Beer and the federal taxation of alcohol have brewed an interdependency in American history since the eighteenth century. In the last forty years, however, the advent of the craft beer industry has profoundly shaped the brewing landscape in the United States. In response to this change, Congress has proposed alternative pieces of legislation that would amend the Internal Revenue Code and the federal taxation of beer: the Brewers Excise and Economic Relief Act (“BEER Act”) and the Small Brewer Reinvestment and Expanding Workforce Act (“Small BREW Act”). The BEER Act would make broad cuts to the existing excise tax, favoring large and small breweries alike. The Small BREW Act, by contrast, would reform the excise tax modestly, benefitting small breweries only. This Note explores the future of the federal excise tax on beer and its potential impact on the brewing industry and society at large. It begins by detailing the history of brewing in the United States, as well as specific changes the BEER Act and the Small BREW Act would have on the existing excise tax. This Note will then perform economic analyses on the two acts using theoretical and comparative approaches. In doing so, it will detail the foreseeable impacts of the BEER Act and Small BREW Act and consider the health implications of each proposed law. This Note urges that Congress adopt the Small BREW Act. The Small BREW Act’s targeted tax cuts for small breweries will enhance market competition and foster sustained success of craft beer businesses. Given its limited scope, the Small BREW Act will also minimize losses of federal excise tax revenues and curtail the health and societal concerns associated with this proposed tax reform.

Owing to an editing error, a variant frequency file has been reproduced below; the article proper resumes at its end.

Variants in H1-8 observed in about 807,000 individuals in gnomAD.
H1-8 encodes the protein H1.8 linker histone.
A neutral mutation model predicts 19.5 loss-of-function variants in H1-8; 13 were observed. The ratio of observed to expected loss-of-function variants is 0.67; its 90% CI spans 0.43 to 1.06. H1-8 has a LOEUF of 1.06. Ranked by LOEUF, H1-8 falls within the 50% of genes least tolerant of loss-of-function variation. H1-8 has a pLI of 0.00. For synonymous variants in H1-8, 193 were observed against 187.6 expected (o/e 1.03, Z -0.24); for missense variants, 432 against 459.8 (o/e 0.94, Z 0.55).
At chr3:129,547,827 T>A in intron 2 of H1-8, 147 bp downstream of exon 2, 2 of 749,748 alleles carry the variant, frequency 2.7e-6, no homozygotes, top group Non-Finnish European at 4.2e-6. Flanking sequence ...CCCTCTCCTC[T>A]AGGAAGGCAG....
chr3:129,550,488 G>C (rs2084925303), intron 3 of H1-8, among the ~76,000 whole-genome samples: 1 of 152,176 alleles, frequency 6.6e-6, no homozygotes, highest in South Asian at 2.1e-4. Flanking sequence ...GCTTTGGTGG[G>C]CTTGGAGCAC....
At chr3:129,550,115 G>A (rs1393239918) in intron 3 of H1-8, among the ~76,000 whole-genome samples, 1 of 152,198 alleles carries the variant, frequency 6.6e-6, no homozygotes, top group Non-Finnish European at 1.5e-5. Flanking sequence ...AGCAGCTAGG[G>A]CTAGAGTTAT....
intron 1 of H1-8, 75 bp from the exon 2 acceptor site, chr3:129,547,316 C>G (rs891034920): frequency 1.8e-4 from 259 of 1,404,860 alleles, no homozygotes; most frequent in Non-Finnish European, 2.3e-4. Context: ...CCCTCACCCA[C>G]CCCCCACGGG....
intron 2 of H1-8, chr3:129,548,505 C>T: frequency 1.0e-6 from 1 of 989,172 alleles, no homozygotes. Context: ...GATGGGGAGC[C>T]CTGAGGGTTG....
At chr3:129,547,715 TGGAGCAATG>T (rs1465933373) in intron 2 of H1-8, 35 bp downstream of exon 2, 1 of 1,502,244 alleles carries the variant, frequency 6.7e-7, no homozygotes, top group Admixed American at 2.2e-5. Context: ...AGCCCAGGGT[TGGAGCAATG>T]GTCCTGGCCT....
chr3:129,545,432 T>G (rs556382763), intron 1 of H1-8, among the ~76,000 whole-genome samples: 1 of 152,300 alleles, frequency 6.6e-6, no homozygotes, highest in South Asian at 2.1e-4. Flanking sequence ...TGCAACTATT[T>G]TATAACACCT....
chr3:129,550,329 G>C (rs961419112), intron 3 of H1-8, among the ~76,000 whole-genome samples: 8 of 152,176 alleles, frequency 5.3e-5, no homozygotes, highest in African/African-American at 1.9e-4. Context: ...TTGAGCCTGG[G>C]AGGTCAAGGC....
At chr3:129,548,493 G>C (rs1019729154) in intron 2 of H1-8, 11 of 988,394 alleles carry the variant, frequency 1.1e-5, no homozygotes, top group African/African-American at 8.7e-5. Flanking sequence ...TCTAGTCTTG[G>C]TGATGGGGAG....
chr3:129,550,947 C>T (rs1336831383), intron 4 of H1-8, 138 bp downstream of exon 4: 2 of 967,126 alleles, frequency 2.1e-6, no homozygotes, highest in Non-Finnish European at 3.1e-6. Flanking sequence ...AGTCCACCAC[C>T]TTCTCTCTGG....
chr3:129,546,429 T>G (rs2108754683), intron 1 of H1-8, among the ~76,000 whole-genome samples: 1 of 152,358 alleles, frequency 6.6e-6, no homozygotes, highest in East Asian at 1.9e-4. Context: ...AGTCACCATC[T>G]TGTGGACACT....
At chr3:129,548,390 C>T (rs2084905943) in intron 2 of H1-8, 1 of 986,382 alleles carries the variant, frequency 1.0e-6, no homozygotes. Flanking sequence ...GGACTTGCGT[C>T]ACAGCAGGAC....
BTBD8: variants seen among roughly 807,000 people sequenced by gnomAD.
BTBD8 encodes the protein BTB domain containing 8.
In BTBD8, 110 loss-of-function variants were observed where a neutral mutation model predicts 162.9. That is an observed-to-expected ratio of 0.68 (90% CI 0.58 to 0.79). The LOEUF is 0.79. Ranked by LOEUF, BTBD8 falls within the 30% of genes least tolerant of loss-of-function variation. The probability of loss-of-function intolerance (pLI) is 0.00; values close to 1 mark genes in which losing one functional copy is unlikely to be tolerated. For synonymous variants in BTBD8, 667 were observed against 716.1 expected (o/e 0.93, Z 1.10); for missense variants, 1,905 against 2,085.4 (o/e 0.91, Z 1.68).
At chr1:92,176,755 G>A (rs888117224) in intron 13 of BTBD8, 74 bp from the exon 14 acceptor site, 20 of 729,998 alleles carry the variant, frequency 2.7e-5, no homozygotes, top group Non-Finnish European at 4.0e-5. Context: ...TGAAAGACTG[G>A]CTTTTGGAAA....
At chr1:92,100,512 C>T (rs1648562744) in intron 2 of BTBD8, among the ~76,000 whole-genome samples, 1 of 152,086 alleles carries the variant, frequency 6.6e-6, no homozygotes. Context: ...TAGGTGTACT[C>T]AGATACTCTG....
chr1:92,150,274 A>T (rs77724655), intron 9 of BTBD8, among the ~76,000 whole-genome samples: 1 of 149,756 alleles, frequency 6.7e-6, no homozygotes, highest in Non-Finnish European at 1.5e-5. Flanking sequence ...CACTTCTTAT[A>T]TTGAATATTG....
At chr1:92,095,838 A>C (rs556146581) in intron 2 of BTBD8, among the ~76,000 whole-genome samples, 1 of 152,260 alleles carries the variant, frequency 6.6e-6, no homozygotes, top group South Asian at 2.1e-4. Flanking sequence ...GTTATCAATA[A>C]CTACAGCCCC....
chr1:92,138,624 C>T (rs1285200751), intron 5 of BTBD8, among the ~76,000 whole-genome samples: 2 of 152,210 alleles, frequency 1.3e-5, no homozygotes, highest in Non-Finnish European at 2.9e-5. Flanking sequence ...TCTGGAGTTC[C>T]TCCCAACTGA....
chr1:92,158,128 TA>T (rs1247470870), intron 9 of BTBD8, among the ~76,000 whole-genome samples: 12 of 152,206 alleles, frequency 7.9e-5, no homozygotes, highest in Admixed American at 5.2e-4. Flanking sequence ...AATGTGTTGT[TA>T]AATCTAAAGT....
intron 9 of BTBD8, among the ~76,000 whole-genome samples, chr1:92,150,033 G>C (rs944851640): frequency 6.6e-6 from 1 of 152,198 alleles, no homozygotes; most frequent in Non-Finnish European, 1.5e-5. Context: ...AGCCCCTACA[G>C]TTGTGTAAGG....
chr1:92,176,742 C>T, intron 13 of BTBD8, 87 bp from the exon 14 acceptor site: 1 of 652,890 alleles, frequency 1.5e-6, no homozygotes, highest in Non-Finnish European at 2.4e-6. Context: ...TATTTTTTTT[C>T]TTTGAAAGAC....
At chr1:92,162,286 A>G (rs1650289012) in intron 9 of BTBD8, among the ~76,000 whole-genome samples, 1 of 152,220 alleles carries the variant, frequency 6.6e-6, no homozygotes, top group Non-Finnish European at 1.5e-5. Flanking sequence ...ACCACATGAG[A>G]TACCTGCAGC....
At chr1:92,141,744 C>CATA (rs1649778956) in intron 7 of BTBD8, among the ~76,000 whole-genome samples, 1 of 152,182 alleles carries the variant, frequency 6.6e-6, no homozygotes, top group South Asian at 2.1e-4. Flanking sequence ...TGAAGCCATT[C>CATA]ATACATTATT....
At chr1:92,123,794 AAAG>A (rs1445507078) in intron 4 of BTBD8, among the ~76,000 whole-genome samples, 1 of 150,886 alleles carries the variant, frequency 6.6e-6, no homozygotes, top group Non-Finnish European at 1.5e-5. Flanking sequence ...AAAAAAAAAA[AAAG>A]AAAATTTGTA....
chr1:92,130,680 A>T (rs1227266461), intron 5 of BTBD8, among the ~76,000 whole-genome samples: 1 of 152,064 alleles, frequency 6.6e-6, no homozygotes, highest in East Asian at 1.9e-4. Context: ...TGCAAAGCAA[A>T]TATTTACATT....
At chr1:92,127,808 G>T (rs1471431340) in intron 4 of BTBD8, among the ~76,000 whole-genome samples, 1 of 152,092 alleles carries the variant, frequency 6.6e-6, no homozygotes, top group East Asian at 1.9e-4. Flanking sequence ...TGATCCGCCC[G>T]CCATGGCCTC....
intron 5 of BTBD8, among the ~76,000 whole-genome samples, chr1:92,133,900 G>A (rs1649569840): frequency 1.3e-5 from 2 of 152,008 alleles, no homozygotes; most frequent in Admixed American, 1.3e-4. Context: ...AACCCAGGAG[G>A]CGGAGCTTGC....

The full text of this Note is available to download as a PDF.